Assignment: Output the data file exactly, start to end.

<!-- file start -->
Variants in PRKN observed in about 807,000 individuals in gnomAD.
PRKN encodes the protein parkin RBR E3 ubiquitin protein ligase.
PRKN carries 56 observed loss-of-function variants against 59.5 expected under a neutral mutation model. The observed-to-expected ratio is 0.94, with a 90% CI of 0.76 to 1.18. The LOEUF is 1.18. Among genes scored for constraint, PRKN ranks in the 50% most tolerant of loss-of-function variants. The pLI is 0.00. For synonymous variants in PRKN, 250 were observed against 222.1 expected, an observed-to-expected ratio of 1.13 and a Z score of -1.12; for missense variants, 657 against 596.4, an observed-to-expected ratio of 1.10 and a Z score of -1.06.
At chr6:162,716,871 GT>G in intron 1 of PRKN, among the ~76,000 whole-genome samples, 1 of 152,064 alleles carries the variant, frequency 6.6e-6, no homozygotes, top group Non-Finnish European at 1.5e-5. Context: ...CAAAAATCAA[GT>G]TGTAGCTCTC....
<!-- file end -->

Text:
Variants in PRKN observed in about 807,000 individuals in gnomAD.
PRKN encodes the protein parkin RBR E3 ubiquitin protein ligase.
PRKN carries 56 observed loss-of-function variants against 59.5 expected under a neutral mutation model. The observed-to-expected ratio is 0.94, with a 90% CI of 0.76 to 1.18. The LOEUF is 1.18. Among genes scored for constraint, PRKN ranks in the 50% most tolerant of loss-of-function variants. The pLI is 0.00. For synonymous variants in PRKN, 250 were observed against 222.1 expected, an observed-to-expected ratio of 1.13 and a Z score of -1.12; for missense variants, 657 against 596.4, an observed-to-expected ratio of 1.10 and a Z score of -1.06.
At chr6:162,716,871 GT>G in intron 1 of PRKN, among the ~76,000 whole-genome samples, 1 of 152,064 alleles carries the variant, frequency 6.6e-6, no homozygotes, top group Non-Finnish European at 1.5e-5. Context: ...CAAAAATCAA[GT>G]TGTAGCTCTC....